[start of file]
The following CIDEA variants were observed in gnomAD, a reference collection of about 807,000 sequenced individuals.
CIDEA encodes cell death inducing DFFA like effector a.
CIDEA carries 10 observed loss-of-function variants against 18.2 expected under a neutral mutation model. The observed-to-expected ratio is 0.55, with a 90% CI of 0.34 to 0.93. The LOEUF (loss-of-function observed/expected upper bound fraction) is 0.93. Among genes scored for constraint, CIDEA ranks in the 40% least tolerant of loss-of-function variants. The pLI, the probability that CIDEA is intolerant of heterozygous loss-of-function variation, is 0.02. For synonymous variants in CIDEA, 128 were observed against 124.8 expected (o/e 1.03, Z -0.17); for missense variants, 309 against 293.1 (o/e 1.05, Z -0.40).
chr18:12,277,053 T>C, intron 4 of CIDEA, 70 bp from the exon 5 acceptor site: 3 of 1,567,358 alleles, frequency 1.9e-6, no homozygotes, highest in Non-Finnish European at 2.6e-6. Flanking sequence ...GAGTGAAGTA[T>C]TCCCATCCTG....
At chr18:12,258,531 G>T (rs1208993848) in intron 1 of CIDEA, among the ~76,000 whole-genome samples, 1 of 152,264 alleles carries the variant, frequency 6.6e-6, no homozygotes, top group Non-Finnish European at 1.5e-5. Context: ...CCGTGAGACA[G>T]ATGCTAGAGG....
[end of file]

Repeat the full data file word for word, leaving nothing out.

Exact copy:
The following CIDEA variants were observed in gnomAD, a reference collection of about 807,000 sequenced individuals.
CIDEA encodes cell death inducing DFFA like effector a.
CIDEA carries 10 observed loss-of-function variants against 18.2 expected under a neutral mutation model. The observed-to-expected ratio is 0.55, with a 90% CI of 0.34 to 0.93. The LOEUF (loss-of-function observed/expected upper bound fraction) is 0.93. Among genes scored for constraint, CIDEA ranks in the 40% least tolerant of loss-of-function variants. The pLI, the probability that CIDEA is intolerant of heterozygous loss-of-function variation, is 0.02. For synonymous variants in CIDEA, 128 were observed against 124.8 expected (o/e 1.03, Z -0.17); for missense variants, 309 against 293.1 (o/e 1.05, Z -0.40).
chr18:12,277,053 T>C, intron 4 of CIDEA, 70 bp from the exon 5 acceptor site: 3 of 1,567,358 alleles, frequency 1.9e-6, no homozygotes, highest in Non-Finnish European at 2.6e-6. Flanking sequence ...GAGTGAAGTA[T>C]TCCCATCCTG....
At chr18:12,258,531 G>T (rs1208993848) in intron 1 of CIDEA, among the ~76,000 whole-genome samples, 1 of 152,264 alleles carries the variant, frequency 6.6e-6, no homozygotes, top group Non-Finnish European at 1.5e-5. Context: ...CCGTGAGACA[G>T]ATGCTAGAGG....